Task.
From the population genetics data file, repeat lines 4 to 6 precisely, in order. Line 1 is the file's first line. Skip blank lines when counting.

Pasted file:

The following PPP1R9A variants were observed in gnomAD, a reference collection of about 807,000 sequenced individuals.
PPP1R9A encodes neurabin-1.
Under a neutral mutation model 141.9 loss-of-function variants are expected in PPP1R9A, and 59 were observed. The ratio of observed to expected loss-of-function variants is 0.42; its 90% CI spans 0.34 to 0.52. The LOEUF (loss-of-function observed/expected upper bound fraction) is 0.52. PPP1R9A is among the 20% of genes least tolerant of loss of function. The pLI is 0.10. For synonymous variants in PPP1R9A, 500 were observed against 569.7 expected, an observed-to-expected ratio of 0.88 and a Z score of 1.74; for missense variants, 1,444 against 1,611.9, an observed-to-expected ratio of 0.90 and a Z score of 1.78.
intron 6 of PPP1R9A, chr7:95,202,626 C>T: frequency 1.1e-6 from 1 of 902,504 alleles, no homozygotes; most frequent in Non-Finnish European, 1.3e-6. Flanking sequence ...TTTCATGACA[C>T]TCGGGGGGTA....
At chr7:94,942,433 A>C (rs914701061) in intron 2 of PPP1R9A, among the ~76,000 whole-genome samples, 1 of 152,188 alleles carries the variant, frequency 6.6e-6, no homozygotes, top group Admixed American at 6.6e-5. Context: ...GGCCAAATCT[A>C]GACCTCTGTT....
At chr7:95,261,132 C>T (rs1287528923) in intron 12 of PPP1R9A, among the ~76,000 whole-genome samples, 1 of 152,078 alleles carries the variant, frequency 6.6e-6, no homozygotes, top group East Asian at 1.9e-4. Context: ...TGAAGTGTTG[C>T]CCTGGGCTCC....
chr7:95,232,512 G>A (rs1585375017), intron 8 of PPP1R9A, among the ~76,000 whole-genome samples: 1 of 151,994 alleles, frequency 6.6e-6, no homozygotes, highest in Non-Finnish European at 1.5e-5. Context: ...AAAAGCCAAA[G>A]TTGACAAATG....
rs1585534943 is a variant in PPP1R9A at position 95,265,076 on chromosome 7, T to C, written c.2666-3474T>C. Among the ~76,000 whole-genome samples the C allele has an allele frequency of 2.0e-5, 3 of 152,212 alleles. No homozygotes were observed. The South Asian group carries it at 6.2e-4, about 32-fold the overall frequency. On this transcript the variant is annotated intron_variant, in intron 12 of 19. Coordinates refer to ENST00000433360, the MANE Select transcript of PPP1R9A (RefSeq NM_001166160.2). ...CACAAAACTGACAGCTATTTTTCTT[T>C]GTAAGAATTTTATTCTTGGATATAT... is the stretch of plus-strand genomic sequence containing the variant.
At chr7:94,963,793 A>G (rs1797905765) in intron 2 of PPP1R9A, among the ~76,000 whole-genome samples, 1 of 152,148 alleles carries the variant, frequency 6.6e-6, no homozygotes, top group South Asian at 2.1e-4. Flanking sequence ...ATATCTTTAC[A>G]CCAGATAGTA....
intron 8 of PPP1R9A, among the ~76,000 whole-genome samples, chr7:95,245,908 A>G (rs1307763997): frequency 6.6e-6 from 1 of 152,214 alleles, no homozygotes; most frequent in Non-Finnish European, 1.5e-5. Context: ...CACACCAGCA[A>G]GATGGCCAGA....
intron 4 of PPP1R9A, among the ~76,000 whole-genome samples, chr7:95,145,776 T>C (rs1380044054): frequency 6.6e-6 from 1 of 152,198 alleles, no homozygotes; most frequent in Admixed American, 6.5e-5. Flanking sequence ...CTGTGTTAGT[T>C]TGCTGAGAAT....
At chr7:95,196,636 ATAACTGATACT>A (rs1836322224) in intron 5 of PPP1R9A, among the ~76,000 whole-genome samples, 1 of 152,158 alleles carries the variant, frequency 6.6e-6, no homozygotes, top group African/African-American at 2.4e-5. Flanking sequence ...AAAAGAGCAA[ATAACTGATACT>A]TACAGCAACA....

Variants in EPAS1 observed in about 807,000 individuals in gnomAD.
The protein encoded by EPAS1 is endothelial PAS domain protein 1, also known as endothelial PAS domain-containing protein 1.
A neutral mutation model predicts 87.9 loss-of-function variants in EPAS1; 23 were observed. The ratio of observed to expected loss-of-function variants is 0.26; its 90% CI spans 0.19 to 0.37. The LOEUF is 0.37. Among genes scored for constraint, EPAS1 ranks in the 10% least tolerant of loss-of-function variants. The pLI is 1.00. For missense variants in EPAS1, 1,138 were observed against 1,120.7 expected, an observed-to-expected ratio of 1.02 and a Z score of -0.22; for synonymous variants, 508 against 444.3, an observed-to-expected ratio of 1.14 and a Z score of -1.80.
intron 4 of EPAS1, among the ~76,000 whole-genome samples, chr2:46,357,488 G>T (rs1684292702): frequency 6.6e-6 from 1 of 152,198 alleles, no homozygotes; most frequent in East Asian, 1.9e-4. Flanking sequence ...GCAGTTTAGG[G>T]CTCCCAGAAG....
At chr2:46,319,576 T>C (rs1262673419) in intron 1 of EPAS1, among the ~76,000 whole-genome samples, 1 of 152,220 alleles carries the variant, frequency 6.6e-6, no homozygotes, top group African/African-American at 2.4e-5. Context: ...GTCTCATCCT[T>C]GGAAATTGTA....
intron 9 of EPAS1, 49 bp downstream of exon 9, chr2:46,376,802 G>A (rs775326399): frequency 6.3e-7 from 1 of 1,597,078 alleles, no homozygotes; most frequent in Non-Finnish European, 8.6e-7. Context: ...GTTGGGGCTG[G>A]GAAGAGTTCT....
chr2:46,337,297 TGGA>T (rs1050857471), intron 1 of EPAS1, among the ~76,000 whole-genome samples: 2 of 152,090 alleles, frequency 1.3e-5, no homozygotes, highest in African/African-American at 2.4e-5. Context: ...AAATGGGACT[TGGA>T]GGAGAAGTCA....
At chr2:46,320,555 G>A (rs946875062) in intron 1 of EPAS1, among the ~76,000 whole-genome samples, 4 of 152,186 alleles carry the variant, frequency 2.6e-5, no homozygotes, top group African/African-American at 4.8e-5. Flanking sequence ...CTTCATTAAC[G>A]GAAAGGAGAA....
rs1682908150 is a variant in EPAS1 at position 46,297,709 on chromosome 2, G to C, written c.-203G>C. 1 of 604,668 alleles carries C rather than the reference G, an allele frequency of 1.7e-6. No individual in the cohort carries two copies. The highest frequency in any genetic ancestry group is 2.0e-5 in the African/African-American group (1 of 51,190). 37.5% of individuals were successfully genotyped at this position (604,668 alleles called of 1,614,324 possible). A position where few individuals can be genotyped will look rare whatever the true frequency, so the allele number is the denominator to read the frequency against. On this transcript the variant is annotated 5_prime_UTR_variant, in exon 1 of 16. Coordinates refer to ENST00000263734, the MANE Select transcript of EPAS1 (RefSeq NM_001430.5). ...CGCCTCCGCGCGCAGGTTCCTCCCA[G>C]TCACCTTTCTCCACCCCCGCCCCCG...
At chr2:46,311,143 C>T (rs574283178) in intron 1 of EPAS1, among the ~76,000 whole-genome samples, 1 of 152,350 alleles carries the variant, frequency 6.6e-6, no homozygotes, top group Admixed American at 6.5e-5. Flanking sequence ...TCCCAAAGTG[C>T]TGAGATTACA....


intron 6 of PPP1R9A, chr7:95,202,626 C>T: frequency 1.1e-6 from 1 of 902,504 alleles, no homozygotes; most frequent in Non-Finnish European, 1.3e-6. Flanking sequence ...TTTCATGACA[C>T]TCGGGGGGTA....
At chr7:94,942,433 A>C (rs914701061) in intron 2 of PPP1R9A, among the ~76,000 whole-genome samples, 1 of 152,188 alleles carries the variant, frequency 6.6e-6, no homozygotes, top group Admixed American at 6.6e-5. Context: ...GGCCAAATCT[A>C]GACCTCTGTT....
At chr7:95,261,132 C>T (rs1287528923) in intron 12 of PPP1R9A, among the ~76,000 whole-genome samples, 1 of 152,078 alleles carries the variant, frequency 6.6e-6, no homozygotes, top group East Asian at 1.9e-4. Context: ...TGAAGTGTTG[C>T]CCTGGGCTCC....